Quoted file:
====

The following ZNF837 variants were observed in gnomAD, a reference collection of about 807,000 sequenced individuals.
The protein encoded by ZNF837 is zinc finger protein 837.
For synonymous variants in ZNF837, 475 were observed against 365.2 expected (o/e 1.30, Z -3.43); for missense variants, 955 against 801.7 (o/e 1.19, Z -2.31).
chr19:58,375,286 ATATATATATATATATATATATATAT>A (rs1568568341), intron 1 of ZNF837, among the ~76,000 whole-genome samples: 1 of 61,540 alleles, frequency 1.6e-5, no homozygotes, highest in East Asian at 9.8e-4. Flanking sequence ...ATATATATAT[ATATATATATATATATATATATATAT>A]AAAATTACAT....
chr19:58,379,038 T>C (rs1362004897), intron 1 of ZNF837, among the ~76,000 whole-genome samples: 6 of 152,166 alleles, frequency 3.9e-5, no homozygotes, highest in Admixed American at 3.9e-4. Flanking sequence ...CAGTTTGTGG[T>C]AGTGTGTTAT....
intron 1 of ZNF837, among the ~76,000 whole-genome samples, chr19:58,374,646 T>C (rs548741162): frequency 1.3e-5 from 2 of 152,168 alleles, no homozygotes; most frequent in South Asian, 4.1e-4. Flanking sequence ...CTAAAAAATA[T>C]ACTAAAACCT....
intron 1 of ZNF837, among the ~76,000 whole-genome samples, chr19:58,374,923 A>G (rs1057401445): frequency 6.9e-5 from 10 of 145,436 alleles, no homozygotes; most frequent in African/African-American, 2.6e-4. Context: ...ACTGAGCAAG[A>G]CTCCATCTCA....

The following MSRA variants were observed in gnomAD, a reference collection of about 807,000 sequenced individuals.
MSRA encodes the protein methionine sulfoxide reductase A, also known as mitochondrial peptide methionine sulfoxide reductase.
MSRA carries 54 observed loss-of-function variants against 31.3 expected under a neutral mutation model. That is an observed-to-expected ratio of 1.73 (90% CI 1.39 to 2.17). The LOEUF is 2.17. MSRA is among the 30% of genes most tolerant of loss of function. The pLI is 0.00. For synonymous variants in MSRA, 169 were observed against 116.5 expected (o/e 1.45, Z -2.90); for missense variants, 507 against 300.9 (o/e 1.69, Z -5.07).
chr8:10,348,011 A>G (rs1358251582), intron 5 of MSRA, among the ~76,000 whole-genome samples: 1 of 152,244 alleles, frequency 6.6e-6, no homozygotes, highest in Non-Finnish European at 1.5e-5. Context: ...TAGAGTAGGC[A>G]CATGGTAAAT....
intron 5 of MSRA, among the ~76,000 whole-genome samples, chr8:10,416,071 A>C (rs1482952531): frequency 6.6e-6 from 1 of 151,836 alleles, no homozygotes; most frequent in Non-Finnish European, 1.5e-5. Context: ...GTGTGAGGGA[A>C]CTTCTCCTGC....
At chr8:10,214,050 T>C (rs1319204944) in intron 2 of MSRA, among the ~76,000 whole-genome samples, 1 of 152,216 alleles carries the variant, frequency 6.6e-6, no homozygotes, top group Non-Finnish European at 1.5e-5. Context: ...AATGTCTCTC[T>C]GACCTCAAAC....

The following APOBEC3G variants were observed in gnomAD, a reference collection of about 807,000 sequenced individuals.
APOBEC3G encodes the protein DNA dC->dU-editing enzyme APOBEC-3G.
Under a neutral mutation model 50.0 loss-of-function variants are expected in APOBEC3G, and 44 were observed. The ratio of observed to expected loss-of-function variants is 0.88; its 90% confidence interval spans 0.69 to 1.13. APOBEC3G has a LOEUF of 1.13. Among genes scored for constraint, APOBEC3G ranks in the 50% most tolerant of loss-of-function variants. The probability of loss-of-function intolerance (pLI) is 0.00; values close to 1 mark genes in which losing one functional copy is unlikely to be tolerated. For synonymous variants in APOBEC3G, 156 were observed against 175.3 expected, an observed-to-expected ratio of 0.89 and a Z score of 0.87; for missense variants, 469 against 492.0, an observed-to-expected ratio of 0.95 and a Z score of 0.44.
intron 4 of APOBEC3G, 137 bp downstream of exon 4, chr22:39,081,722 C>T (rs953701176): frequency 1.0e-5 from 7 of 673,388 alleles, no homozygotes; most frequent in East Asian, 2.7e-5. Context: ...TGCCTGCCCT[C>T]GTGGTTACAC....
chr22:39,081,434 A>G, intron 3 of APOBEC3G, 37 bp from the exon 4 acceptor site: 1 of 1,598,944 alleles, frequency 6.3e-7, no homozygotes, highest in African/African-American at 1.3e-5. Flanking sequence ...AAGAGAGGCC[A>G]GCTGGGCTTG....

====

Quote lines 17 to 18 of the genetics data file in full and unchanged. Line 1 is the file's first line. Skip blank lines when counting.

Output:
intron 4 of APOBEC3G, 137 bp downstream of exon 4, chr22:39,081,722 C>T (rs953701176): frequency 1.0e-5 from 7 of 673,388 alleles, no homozygotes; most frequent in East Asian, 2.7e-5. Context: ...TGCCTGCCCT[C>T]GTGGTTACAC....
chr22:39,081,434 A>G, intron 3 of APOBEC3G, 37 bp from the exon 4 acceptor site: 1 of 1,598,944 alleles, frequency 6.3e-7, no homozygotes, highest in African/African-American at 1.3e-5. Flanking sequence ...AAGAGAGGCC[A>G]GCTGGGCTTG....